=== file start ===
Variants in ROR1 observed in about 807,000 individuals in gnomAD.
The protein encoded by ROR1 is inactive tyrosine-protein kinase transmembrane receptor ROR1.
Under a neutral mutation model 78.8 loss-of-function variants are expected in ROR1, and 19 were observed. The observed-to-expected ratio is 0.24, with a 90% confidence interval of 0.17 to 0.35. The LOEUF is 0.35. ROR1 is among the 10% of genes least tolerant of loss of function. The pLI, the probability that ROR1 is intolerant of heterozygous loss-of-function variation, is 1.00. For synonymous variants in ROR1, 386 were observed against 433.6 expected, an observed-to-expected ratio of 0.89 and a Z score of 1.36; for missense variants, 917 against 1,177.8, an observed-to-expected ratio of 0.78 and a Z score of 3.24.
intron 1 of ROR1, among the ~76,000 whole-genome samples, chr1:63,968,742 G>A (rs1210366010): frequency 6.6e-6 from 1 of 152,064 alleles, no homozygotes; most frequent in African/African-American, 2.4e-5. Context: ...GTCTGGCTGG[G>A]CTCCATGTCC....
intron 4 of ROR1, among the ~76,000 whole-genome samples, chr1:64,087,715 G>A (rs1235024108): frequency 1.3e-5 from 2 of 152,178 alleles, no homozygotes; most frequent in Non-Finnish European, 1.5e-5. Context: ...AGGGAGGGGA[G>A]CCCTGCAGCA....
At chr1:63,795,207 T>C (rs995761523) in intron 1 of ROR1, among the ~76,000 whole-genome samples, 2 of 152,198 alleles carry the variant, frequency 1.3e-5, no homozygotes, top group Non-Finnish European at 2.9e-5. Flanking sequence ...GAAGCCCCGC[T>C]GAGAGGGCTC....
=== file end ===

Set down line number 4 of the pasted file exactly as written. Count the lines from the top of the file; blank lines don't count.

intron 1 of ROR1, among the ~76,000 whole-genome samples, chr1:63,968,742 G>A (rs1210366010): frequency 6.6e-6 from 1 of 152,064 alleles, no homozygotes; most frequent in African/African-American, 2.4e-5. Context: ...GTCTGGCTGG[G>A]CTCCATGTCC....